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7 February 2007 Advances in intravital microscopy for monitoring cell flow dynamics in vivo
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The use of small animals in intravital optical microscopy is a well-established experimental model to study blood microcirculation in vivo. Recent advances in cell biology and optical techniques (e.g., lasers, CCD cameras, software, etc.) provide the basis for significant improvements with in vivo imaging. This review summarizes the latest achievements in this specific area focusing on the development of modern optical and biological platforms. This includes in vivo real time monitoring of individual cells in the context of blood flow, super-sensitive fluorescence imaging, high-speed cell imaging and light scattering techniques. The capability of these platforms has been demonstrated in live animal models (e.g., mouse and rat ear, rat mesentery, and others) for real-time monitoring of individual blood cell properties (e.g., size and shape), cell trafficking, cell-cell interactions (e.g., aggregation in flow or adhesion to vessel walls), and blood flow viscosity. Future applications are discussed including in vivo early diagnosis of disease and monitoring cellular responses to environmental and therapeutic interventions.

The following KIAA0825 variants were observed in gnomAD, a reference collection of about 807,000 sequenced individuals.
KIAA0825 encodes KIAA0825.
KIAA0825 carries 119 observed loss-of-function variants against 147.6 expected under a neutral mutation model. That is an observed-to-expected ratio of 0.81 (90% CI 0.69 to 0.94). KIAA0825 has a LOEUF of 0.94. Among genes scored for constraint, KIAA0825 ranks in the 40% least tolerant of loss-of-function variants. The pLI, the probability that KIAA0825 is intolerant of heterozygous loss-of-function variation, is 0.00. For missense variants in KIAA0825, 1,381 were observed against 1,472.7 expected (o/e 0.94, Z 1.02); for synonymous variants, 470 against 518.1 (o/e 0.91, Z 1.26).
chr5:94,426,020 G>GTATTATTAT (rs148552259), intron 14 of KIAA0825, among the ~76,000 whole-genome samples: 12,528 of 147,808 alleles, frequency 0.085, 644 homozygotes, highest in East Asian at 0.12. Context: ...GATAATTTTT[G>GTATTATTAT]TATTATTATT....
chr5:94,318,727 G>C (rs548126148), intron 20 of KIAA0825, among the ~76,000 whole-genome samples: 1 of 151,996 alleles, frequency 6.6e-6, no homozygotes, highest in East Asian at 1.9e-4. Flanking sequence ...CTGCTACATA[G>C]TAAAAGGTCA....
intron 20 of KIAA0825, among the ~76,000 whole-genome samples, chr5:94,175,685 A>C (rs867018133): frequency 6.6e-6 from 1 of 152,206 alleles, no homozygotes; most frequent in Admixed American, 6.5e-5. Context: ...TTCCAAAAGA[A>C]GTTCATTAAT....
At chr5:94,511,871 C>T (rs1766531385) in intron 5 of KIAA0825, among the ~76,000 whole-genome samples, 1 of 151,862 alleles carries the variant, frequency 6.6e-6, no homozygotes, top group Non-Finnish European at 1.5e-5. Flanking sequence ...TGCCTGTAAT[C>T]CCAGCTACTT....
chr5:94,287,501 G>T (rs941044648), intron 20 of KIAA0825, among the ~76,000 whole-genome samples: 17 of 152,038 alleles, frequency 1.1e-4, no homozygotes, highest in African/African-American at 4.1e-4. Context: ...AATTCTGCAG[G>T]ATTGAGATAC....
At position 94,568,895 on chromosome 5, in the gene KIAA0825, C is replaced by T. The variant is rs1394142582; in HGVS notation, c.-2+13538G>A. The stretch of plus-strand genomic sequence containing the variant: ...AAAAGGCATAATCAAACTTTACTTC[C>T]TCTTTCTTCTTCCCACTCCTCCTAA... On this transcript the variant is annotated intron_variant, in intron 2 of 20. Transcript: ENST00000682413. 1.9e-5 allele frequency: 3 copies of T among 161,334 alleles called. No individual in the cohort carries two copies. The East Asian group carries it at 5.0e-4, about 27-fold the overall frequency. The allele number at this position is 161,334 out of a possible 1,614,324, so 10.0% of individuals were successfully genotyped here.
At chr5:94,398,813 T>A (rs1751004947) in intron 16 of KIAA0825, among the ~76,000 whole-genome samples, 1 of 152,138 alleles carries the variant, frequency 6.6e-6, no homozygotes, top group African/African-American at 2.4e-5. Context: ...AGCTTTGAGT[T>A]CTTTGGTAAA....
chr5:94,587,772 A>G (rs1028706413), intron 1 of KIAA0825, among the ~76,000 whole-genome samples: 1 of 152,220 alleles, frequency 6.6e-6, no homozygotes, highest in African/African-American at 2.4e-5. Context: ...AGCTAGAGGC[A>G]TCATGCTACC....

© (2007) COPYRIGHT Society of Photo-Optical Instrumentation Engineers (SPIE). Downloading of the abstract is permitted for personal use only.
Vyacheslav Kalchenko, Alon Harmelin, Ilya Fine, Vladimir Zharov, Ekaterina Galanzha, and Valery Tuchin "Advances in intravital microscopy for monitoring cell flow dynamics in vivo", Proc. SPIE 6436, Complex Dynamics and Fluctuations in Biomedical Photonics IV, 64360D (7 February 2007);

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